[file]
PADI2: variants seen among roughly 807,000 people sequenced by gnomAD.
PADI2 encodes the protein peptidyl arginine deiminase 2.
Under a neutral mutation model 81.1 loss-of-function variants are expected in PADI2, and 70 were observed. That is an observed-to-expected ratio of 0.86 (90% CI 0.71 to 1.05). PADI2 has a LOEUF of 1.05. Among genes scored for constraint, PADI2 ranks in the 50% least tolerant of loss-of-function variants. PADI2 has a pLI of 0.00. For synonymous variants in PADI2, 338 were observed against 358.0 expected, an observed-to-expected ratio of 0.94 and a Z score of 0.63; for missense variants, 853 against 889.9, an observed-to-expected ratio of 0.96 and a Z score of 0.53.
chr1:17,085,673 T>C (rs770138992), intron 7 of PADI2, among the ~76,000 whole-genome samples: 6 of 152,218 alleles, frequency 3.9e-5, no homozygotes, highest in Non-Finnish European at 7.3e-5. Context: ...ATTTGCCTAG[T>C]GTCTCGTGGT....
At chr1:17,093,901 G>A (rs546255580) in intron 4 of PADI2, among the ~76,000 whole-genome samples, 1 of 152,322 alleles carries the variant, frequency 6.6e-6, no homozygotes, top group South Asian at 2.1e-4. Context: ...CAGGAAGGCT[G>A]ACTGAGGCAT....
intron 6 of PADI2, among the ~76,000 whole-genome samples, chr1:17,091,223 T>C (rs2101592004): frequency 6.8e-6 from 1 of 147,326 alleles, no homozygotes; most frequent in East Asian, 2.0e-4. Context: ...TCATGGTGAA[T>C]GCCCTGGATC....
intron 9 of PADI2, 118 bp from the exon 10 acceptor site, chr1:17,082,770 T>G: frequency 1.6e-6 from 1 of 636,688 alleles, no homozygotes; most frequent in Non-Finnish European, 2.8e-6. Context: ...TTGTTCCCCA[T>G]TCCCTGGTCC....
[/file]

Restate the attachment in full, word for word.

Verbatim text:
PADI2: variants seen among roughly 807,000 people sequenced by gnomAD.
PADI2 encodes the protein peptidyl arginine deiminase 2.
Under a neutral mutation model 81.1 loss-of-function variants are expected in PADI2, and 70 were observed. That is an observed-to-expected ratio of 0.86 (90% CI 0.71 to 1.05). PADI2 has a LOEUF of 1.05. Among genes scored for constraint, PADI2 ranks in the 50% least tolerant of loss-of-function variants. PADI2 has a pLI of 0.00. For synonymous variants in PADI2, 338 were observed against 358.0 expected, an observed-to-expected ratio of 0.94 and a Z score of 0.63; for missense variants, 853 against 889.9, an observed-to-expected ratio of 0.96 and a Z score of 0.53.
chr1:17,085,673 T>C (rs770138992), intron 7 of PADI2, among the ~76,000 whole-genome samples: 6 of 152,218 alleles, frequency 3.9e-5, no homozygotes, highest in Non-Finnish European at 7.3e-5. Context: ...ATTTGCCTAG[T>C]GTCTCGTGGT....
At chr1:17,093,901 G>A (rs546255580) in intron 4 of PADI2, among the ~76,000 whole-genome samples, 1 of 152,322 alleles carries the variant, frequency 6.6e-6, no homozygotes, top group South Asian at 2.1e-4. Context: ...CAGGAAGGCT[G>A]ACTGAGGCAT....
intron 6 of PADI2, among the ~76,000 whole-genome samples, chr1:17,091,223 T>C (rs2101592004): frequency 6.8e-6 from 1 of 147,326 alleles, no homozygotes; most frequent in East Asian, 2.0e-4. Context: ...TCATGGTGAA[T>C]GCCCTGGATC....
intron 9 of PADI2, 118 bp from the exon 10 acceptor site, chr1:17,082,770 T>G: frequency 1.6e-6 from 1 of 636,688 alleles, no homozygotes; most frequent in Non-Finnish European, 2.8e-6. Context: ...TTGTTCCCCA[T>G]TCCCTGGTCC....